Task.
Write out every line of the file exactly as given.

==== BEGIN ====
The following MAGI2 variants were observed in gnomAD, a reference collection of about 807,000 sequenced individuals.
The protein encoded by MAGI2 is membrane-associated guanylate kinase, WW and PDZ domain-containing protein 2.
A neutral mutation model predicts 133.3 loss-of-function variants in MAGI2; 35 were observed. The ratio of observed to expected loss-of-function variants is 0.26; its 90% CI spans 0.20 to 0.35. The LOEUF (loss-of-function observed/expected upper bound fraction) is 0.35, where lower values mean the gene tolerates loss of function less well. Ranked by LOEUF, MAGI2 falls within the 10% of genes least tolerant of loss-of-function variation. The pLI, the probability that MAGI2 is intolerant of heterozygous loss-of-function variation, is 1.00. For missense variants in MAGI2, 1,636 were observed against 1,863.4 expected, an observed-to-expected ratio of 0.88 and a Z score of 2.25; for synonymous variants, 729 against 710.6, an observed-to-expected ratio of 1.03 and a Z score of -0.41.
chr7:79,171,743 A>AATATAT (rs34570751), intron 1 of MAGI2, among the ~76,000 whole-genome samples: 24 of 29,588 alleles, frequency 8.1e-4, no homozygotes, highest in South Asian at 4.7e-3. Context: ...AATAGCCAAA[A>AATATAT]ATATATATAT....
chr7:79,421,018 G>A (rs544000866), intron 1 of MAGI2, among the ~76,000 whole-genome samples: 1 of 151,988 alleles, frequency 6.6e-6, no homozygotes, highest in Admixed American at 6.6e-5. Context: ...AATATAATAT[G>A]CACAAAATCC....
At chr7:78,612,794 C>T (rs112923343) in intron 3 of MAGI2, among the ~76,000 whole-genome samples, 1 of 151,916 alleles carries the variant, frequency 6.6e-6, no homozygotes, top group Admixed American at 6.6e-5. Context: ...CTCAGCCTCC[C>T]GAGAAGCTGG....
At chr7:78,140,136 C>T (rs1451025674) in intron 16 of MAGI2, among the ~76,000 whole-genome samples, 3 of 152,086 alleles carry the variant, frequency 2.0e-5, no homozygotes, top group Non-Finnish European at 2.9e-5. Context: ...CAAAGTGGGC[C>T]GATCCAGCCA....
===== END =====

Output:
The following MAGI2 variants were observed in gnomAD, a reference collection of about 807,000 sequenced individuals.
The protein encoded by MAGI2 is membrane-associated guanylate kinase, WW and PDZ domain-containing protein 2.
A neutral mutation model predicts 133.3 loss-of-function variants in MAGI2; 35 were observed. The ratio of observed to expected loss-of-function variants is 0.26; its 90% CI spans 0.20 to 0.35. The LOEUF (loss-of-function observed/expected upper bound fraction) is 0.35, where lower values mean the gene tolerates loss of function less well. Ranked by LOEUF, MAGI2 falls within the 10% of genes least tolerant of loss-of-function variation. The pLI, the probability that MAGI2 is intolerant of heterozygous loss-of-function variation, is 1.00. For missense variants in MAGI2, 1,636 were observed against 1,863.4 expected, an observed-to-expected ratio of 0.88 and a Z score of 2.25; for synonymous variants, 729 against 710.6, an observed-to-expected ratio of 1.03 and a Z score of -0.41.
chr7:79,171,743 A>AATATAT (rs34570751), intron 1 of MAGI2, among the ~76,000 whole-genome samples: 24 of 29,588 alleles, frequency 8.1e-4, no homozygotes, highest in South Asian at 4.7e-3. Context: ...AATAGCCAAA[A>AATATAT]ATATATATAT....
chr7:79,421,018 G>A (rs544000866), intron 1 of MAGI2, among the ~76,000 whole-genome samples: 1 of 151,988 alleles, frequency 6.6e-6, no homozygotes, highest in Admixed American at 6.6e-5. Context: ...AATATAATAT[G>A]CACAAAATCC....
At chr7:78,612,794 C>T (rs112923343) in intron 3 of MAGI2, among the ~76,000 whole-genome samples, 1 of 151,916 alleles carries the variant, frequency 6.6e-6, no homozygotes, top group Admixed American at 6.6e-5. Context: ...CTCAGCCTCC[C>T]GAGAAGCTGG....
At chr7:78,140,136 C>T (rs1451025674) in intron 16 of MAGI2, among the ~76,000 whole-genome samples, 3 of 152,086 alleles carry the variant, frequency 2.0e-5, no homozygotes, top group Non-Finnish European at 2.9e-5. Context: ...CAAAGTGGGC[C>T]GATCCAGCCA....